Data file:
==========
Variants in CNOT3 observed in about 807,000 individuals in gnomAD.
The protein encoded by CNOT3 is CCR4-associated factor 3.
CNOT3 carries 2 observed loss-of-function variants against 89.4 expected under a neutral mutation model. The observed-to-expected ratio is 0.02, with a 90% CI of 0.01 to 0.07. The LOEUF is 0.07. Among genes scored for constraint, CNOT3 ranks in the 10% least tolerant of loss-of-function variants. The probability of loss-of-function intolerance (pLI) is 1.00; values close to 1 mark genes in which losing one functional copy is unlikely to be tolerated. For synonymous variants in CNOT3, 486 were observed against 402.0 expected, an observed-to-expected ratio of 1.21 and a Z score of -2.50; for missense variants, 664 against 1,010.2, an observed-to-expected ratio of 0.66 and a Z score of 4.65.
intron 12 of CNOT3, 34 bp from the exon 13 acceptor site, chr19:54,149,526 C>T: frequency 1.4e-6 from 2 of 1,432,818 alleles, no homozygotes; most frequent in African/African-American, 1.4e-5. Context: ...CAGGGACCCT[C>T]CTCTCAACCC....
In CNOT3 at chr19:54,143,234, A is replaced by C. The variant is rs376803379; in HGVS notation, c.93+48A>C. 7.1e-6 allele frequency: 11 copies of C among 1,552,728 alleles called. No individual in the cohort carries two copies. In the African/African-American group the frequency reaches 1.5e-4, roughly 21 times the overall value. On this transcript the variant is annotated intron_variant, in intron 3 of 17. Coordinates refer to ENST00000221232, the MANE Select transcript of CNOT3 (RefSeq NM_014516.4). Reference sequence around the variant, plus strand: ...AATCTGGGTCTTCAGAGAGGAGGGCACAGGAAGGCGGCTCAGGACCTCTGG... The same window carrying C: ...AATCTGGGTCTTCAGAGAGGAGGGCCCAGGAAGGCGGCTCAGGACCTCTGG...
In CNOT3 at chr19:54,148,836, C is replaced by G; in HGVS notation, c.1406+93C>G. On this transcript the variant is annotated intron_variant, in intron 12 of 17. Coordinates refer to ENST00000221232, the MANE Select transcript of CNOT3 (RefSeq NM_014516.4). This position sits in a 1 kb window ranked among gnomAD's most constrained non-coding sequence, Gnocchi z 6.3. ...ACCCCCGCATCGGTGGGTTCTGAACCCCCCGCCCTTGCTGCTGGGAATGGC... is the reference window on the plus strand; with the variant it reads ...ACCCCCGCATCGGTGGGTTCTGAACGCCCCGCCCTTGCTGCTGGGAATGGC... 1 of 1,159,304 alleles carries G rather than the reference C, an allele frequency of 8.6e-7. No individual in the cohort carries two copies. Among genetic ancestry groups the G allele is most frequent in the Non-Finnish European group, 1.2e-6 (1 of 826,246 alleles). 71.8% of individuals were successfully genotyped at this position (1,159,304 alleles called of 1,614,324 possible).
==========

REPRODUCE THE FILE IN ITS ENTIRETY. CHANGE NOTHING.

Variants in CNOT3 observed in about 807,000 individuals in gnomAD.
The protein encoded by CNOT3 is CCR4-associated factor 3.
CNOT3 carries 2 observed loss-of-function variants against 89.4 expected under a neutral mutation model. The observed-to-expected ratio is 0.02, with a 90% CI of 0.01 to 0.07. The LOEUF is 0.07. Among genes scored for constraint, CNOT3 ranks in the 10% least tolerant of loss-of-function variants. The probability of loss-of-function intolerance (pLI) is 1.00; values close to 1 mark genes in which losing one functional copy is unlikely to be tolerated. For synonymous variants in CNOT3, 486 were observed against 402.0 expected, an observed-to-expected ratio of 1.21 and a Z score of -2.50; for missense variants, 664 against 1,010.2, an observed-to-expected ratio of 0.66 and a Z score of 4.65.
intron 12 of CNOT3, 34 bp from the exon 13 acceptor site, chr19:54,149,526 C>T: frequency 1.4e-6 from 2 of 1,432,818 alleles, no homozygotes; most frequent in African/African-American, 1.4e-5. Context: ...CAGGGACCCT[C>T]CTCTCAACCC....
In CNOT3 at chr19:54,143,234, A is replaced by C. The variant is rs376803379; in HGVS notation, c.93+48A>C. 7.1e-6 allele frequency: 11 copies of C among 1,552,728 alleles called. No individual in the cohort carries two copies. In the African/African-American group the frequency reaches 1.5e-4, roughly 21 times the overall value. On this transcript the variant is annotated intron_variant, in intron 3 of 17. Coordinates refer to ENST00000221232, the MANE Select transcript of CNOT3 (RefSeq NM_014516.4). Reference sequence around the variant, plus strand: ...AATCTGGGTCTTCAGAGAGGAGGGCACAGGAAGGCGGCTCAGGACCTCTGG... The same window carrying C: ...AATCTGGGTCTTCAGAGAGGAGGGCCCAGGAAGGCGGCTCAGGACCTCTGG...
In CNOT3 at chr19:54,148,836, C is replaced by G; in HGVS notation, c.1406+93C>G. On this transcript the variant is annotated intron_variant, in intron 12 of 17. Coordinates refer to ENST00000221232, the MANE Select transcript of CNOT3 (RefSeq NM_014516.4). This position sits in a 1 kb window ranked among gnomAD's most constrained non-coding sequence, Gnocchi z 6.3. ...ACCCCCGCATCGGTGGGTTCTGAACCCCCCGCCCTTGCTGCTGGGAATGGC... is the reference window on the plus strand; with the variant it reads ...ACCCCCGCATCGGTGGGTTCTGAACGCCCCGCCCTTGCTGCTGGGAATGGC... 1 of 1,159,304 alleles carries G rather than the reference C, an allele frequency of 8.6e-7. No individual in the cohort carries two copies. Among genetic ancestry groups the G allele is most frequent in the Non-Finnish European group, 1.2e-6 (1 of 826,246 alleles). 71.8% of individuals were successfully genotyped at this position (1,159,304 alleles called of 1,614,324 possible).